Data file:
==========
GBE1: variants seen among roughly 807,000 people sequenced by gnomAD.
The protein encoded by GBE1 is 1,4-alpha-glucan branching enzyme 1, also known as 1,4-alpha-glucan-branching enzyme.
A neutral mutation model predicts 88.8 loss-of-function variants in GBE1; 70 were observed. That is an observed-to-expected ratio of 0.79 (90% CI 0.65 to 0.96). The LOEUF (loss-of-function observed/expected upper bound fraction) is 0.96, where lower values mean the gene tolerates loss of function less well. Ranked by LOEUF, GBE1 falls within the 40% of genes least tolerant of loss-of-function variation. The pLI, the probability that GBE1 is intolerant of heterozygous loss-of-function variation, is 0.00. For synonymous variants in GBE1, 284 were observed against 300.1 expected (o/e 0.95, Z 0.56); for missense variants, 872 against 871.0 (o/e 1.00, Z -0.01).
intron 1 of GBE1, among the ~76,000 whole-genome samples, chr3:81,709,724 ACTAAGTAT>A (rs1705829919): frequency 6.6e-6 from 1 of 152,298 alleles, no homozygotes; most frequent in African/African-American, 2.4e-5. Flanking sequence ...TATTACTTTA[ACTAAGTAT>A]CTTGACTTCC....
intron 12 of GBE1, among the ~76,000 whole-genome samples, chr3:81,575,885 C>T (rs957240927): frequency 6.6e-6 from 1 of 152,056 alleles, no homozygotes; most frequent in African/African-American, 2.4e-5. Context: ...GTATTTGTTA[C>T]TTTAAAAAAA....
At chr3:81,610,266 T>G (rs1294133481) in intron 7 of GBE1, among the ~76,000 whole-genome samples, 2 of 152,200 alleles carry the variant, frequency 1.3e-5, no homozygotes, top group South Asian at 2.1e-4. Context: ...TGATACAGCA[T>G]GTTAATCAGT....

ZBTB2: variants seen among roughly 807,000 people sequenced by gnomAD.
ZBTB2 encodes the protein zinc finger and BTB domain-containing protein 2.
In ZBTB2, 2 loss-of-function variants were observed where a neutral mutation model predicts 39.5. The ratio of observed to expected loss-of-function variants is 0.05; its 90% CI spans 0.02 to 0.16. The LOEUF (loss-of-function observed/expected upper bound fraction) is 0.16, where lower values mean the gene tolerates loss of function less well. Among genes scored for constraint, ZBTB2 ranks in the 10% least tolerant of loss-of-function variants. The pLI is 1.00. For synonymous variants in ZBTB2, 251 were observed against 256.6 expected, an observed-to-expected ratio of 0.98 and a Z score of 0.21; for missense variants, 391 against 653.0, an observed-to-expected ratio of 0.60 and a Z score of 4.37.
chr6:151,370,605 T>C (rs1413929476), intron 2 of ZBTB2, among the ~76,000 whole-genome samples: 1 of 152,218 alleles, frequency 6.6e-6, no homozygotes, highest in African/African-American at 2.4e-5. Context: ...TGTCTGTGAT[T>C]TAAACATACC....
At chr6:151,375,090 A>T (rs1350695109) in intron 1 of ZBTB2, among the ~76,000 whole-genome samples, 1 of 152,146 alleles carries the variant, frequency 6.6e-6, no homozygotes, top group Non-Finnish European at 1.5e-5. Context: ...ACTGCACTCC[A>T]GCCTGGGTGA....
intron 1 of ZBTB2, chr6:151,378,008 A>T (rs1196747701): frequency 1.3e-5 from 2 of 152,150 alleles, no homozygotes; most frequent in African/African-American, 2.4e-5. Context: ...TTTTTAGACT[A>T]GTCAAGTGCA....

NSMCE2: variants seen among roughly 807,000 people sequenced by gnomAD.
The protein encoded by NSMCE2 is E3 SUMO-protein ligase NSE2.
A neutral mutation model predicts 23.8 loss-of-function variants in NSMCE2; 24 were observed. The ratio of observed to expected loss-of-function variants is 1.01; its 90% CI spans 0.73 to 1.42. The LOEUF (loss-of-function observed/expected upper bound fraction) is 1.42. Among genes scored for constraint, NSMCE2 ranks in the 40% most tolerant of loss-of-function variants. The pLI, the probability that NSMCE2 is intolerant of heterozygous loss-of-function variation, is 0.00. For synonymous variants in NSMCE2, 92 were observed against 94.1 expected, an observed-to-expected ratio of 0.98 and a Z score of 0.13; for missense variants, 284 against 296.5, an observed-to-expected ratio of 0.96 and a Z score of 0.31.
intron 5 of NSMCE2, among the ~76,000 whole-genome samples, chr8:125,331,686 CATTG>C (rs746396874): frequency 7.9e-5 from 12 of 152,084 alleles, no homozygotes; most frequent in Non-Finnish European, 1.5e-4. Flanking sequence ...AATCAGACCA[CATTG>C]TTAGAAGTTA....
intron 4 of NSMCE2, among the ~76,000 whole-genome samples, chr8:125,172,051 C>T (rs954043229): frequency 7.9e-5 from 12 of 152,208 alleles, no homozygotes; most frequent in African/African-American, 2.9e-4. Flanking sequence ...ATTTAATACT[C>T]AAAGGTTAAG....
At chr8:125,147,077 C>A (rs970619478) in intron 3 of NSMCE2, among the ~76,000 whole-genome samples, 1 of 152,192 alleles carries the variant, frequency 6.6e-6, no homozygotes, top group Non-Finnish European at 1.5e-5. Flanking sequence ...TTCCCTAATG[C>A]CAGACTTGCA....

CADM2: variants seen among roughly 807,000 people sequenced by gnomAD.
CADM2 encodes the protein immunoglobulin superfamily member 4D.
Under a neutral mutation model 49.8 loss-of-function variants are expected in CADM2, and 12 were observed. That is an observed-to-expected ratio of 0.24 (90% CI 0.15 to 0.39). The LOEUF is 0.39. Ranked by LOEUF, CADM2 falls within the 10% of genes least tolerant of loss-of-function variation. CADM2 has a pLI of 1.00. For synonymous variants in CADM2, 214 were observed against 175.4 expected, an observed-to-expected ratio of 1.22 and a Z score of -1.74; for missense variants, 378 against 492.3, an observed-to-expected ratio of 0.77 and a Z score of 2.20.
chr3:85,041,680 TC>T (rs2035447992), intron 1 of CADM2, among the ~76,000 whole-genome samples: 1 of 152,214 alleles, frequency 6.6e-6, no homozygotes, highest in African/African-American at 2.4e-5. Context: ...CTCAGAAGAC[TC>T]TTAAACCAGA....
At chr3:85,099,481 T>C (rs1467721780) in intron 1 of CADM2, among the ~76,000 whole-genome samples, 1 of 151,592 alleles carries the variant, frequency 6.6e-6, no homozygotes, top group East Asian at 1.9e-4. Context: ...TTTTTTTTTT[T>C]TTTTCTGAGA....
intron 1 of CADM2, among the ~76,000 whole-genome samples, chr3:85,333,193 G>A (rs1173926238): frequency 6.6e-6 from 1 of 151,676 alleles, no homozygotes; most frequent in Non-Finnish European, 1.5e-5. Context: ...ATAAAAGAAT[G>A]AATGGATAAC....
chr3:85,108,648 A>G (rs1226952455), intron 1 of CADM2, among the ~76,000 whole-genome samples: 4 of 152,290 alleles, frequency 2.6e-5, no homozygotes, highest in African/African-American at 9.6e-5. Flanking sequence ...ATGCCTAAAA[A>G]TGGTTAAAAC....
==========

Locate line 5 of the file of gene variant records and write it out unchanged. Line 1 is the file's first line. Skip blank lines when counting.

intron 12 of GBE1, among the ~76,000 whole-genome samples, chr3:81,575,885 C>T (rs957240927): frequency 6.6e-6 from 1 of 152,056 alleles, no homozygotes; most frequent in African/African-American, 2.4e-5. Context: ...GTATTTGTTA[C>T]TTTAAAAAAA....